Pipes: Do not cut or weld on pipes or other metal in contact with combustible walls, partitions, ceilings or roofs if the work is close enough to cause ignition by conduction.

Fire extinguishers: Position suitable fire extinguishing equipment and maintain it in a state of readiness for instant use. Depending on the nature and quantity of the combustible material, fire-extinguishing equipment may consist of:

  • pails of water,
  • buckets of sand,
  • hoses, or
  • portable extinguishers.

2. Keep all combustibles at least _____ from the welding worksite.

a. 10 feet (3.0 m)
b. 20 feet (6.9 m)
c. 35 feet (10.7 m)
d. 50 feet (15.2 m)

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Hot Work

hot work

Hot work is any work that involves burning, welding, using fire- or spark-producing tools or that produces a source of ignition. Follow these general best practices below for hot work.

  • Do not perform hot work where flammable vapors or combustible materials exist.
  • Relocate work and equipment outside of the hazardous areas, when possible.
  • Make suitable fire-extinguishing equipment immediately available in a state or readiness. The equipment may consist of pails of water, buckets of sand, hose, or portable extinguishers dependent upon the nature and quantity of the combustible material exposed.
  • When performing hot work, assign a fire watch to guard.

Fire Watch

A worker designated as the "Fire Watch" is required whenever welding or cutting is performed in locations where other than a minor fire might develop, or any of the following conditions exist:

Click on the buttons to review the conditions that require a fire watch and the duties of a worker designated as the Fire Watch.

Conditions. A fire watch must be on duty whenever the following conditions are met.

  • Appreciable combustible material, in building construction or contents, closer than 35 feet (10.7 m) to the point of operation.
  • Appreciable combustibles are more than 35 feet (10.7 m) away but are easily ignited by sparks.
  • Wall or floor openings within a 35-foot (10.7 m) radius expose combustible material in adjacent areas including concealed spaces in walls or floors.
  • Combustible materials are adjacent to the opposite side of metal partitions, walls, ceilings, or roofs and are likely to be ignited by conduction or radiation.

Fire Watch Duties. The duties of a qualified fire watch include:

  • They must have fire-extinguishing equipment readily available.
  • Train them in how to use fire-extinguishing equipment.
  • They must be familiar with facilities for sounding an alarm in the event of fire.
  • They must watch for fires in all exposed areas, try to extinguish them only when obviously within the capacity of the equipment available, or otherwise sound the alarm.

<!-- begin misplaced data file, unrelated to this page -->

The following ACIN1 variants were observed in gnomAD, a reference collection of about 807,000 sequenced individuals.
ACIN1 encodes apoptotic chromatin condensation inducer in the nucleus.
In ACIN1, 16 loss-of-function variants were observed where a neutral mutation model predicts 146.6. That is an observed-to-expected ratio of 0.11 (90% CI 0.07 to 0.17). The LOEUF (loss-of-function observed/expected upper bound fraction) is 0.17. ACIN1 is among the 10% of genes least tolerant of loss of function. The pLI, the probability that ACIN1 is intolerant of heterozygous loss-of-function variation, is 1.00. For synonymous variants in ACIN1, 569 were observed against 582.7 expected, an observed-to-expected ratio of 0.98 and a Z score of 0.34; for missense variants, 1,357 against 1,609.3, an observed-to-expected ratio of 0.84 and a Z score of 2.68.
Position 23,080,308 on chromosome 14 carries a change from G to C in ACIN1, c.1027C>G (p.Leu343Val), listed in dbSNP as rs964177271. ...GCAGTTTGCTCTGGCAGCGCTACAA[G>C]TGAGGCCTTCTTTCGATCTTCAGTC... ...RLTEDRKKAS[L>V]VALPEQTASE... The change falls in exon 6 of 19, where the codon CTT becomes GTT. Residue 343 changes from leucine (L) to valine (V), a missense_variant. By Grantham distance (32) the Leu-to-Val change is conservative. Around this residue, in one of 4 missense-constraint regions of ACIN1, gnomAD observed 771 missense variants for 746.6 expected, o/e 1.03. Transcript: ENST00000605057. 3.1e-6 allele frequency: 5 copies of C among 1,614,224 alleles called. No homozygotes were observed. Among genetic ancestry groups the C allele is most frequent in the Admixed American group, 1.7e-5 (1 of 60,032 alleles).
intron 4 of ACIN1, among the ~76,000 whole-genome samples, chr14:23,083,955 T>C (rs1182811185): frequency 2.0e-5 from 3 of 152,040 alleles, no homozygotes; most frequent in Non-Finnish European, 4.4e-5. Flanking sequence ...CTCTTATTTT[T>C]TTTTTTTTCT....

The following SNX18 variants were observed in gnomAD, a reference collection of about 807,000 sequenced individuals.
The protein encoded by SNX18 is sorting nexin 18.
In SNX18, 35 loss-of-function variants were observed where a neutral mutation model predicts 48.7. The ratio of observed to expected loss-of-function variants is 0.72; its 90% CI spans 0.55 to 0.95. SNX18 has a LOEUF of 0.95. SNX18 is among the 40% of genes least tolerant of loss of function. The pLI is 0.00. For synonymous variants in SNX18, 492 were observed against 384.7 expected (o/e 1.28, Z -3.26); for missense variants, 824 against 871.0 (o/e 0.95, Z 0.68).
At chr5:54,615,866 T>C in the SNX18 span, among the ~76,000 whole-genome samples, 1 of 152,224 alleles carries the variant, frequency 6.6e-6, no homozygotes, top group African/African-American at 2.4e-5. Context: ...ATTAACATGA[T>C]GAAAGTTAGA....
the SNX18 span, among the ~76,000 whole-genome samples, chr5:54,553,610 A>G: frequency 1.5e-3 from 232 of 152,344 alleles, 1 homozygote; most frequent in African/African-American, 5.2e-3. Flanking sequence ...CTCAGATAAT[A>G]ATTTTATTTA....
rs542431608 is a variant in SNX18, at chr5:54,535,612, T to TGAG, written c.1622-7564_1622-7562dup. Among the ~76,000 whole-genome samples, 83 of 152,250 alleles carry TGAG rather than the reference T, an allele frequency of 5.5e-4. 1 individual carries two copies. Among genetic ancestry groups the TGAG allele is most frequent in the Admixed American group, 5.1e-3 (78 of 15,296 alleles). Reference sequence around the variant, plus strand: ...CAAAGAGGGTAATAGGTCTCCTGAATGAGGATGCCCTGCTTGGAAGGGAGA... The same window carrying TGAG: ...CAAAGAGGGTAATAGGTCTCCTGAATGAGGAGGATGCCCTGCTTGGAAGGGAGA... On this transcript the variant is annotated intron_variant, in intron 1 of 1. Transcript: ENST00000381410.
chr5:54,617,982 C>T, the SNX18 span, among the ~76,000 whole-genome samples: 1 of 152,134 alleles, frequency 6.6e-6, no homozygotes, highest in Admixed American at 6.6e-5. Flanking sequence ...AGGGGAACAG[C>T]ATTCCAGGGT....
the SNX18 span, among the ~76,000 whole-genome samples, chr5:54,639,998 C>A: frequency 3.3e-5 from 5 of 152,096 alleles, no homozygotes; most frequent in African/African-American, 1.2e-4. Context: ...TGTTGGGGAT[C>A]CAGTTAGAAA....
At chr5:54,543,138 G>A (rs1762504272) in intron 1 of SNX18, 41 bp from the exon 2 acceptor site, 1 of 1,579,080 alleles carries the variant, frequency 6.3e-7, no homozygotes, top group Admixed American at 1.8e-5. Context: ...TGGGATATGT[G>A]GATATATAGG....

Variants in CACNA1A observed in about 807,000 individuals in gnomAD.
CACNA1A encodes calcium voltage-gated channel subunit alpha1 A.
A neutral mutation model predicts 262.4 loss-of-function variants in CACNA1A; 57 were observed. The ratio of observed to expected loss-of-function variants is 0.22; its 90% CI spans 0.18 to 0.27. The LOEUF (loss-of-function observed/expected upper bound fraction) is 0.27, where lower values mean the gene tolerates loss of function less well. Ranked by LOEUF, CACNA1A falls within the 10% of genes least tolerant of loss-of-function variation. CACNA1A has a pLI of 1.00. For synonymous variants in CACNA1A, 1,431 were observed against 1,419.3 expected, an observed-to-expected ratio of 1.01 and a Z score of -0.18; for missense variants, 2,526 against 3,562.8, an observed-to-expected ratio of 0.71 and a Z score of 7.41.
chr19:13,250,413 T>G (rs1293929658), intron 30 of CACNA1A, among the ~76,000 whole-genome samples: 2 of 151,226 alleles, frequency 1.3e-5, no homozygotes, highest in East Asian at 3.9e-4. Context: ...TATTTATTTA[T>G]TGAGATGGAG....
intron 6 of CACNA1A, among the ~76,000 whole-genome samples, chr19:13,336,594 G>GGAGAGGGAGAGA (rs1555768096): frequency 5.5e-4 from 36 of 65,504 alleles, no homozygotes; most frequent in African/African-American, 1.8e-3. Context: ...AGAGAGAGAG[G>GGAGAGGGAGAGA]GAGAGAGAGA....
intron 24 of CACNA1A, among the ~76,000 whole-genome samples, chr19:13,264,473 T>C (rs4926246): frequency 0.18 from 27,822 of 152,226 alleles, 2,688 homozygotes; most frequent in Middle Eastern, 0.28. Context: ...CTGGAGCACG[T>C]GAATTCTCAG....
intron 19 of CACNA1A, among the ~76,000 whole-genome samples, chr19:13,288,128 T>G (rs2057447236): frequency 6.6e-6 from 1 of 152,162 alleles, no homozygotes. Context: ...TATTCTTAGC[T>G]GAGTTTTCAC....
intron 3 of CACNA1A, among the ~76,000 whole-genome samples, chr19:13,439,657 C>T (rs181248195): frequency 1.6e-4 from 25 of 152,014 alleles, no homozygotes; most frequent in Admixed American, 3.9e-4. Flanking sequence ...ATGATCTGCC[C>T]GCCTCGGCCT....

• They must maintain a fire watch for at least 30 minutes ( to meet OSHA requirements) or 60 minutes (to meet NFPA requirements) after completion of welding or cutting operations to detect and extinguish possible smoldering fires.

3. To meet OSHA requirements, how long must a fire watch remain on duty after completion of welding or cutting operations?

a. 15 minutes
b. 30 minutes
c. 45 minutes
d. 60 minutes

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Welding or Cutting Containers

Drum Explodes During Welding, Killing Worker – WorksafeBC.
Click to play video

Used containers: Do not weld, cut, or perform other hot work on used drums, barrels, tanks or other containers until you clean them.

  • Clean them so thoroughly to make absolutely certain there are no flammable materials present or any substances such as greases, tars, acids, or other materials which when subjected to heat, might produce flammable or toxic vapors.
  • Disconnect or blanket any pipelines or connections to the drum or vessel.

Venting and purging: Vent all hollow spaces, cavities or containers to permit air or gases to escape before preheating, cutting or welding. You should purge with inert gas.

4. When can you weld, cut, or perform hot work on used drums, barrels, tanks, or other containers?

a. After you clean them
b. Never
c. When properly labeled
d. If approval is granted

Check your Work

Read the material in each section to find the correct answer to each quiz question. After answering all the questions, click on the "Check Quiz Answers" button to grade your quiz and see your score. You will receive a message if you forgot to answer one of the questions. After clicking the button, the questions you missed will be listed below. You can correct any missed questions and check your answers again.